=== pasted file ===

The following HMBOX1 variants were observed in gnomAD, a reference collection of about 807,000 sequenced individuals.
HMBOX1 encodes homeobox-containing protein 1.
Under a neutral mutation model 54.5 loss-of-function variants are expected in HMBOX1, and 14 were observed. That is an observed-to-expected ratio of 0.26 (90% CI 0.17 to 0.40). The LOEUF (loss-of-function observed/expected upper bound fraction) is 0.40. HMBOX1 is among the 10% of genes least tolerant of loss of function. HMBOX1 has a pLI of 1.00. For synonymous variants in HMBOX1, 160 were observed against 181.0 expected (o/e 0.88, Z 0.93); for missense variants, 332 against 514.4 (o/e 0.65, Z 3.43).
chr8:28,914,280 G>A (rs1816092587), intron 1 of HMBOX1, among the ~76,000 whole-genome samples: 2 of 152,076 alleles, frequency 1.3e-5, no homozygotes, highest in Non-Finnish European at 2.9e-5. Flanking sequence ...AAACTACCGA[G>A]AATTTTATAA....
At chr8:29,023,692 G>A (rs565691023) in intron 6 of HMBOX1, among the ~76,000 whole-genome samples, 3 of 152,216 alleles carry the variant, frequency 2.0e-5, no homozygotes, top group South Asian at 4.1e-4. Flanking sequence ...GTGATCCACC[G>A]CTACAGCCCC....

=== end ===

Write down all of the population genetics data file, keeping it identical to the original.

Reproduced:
The following HMBOX1 variants were observed in gnomAD, a reference collection of about 807,000 sequenced individuals.
HMBOX1 encodes homeobox-containing protein 1.
Under a neutral mutation model 54.5 loss-of-function variants are expected in HMBOX1, and 14 were observed. That is an observed-to-expected ratio of 0.26 (90% CI 0.17 to 0.40). The LOEUF (loss-of-function observed/expected upper bound fraction) is 0.40. HMBOX1 is among the 10% of genes least tolerant of loss of function. HMBOX1 has a pLI of 1.00. For synonymous variants in HMBOX1, 160 were observed against 181.0 expected (o/e 0.88, Z 0.93); for missense variants, 332 against 514.4 (o/e 0.65, Z 3.43).
chr8:28,914,280 G>A (rs1816092587), intron 1 of HMBOX1, among the ~76,000 whole-genome samples: 2 of 152,076 alleles, frequency 1.3e-5, no homozygotes, highest in Non-Finnish European at 2.9e-5. Flanking sequence ...AAACTACCGA[G>A]AATTTTATAA....
At chr8:29,023,692 G>A (rs565691023) in intron 6 of HMBOX1, among the ~76,000 whole-genome samples, 3 of 152,216 alleles carry the variant, frequency 2.0e-5, no homozygotes, top group South Asian at 4.1e-4. Flanking sequence ...GTGATCCACC[G>A]CTACAGCCCC....